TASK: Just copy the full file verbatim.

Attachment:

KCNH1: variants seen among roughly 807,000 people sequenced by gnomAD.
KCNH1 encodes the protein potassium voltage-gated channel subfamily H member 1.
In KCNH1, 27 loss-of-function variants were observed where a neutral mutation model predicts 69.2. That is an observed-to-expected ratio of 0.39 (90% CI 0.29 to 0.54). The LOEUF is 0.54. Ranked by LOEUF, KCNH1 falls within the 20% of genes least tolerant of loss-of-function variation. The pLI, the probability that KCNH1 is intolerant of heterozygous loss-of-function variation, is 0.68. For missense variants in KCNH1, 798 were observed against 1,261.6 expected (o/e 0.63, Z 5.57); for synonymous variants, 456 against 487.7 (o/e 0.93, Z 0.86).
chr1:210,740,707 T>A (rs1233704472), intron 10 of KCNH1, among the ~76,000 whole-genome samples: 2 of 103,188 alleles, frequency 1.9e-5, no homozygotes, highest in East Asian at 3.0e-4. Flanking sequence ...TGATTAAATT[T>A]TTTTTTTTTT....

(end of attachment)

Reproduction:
KCNH1: variants seen among roughly 807,000 people sequenced by gnomAD.
KCNH1 encodes the protein potassium voltage-gated channel subfamily H member 1.
In KCNH1, 27 loss-of-function variants were observed where a neutral mutation model predicts 69.2. That is an observed-to-expected ratio of 0.39 (90% CI 0.29 to 0.54). The LOEUF is 0.54. Ranked by LOEUF, KCNH1 falls within the 20% of genes least tolerant of loss-of-function variation. The pLI, the probability that KCNH1 is intolerant of heterozygous loss-of-function variation, is 0.68. For missense variants in KCNH1, 798 were observed against 1,261.6 expected (o/e 0.63, Z 5.57); for synonymous variants, 456 against 487.7 (o/e 0.93, Z 0.86).
chr1:210,740,707 T>A (rs1233704472), intron 10 of KCNH1, among the ~76,000 whole-genome samples: 2 of 103,188 alleles, frequency 1.9e-5, no homozygotes, highest in East Asian at 3.0e-4. Flanking sequence ...TGATTAAATT[T>A]TTTTTTTTTT....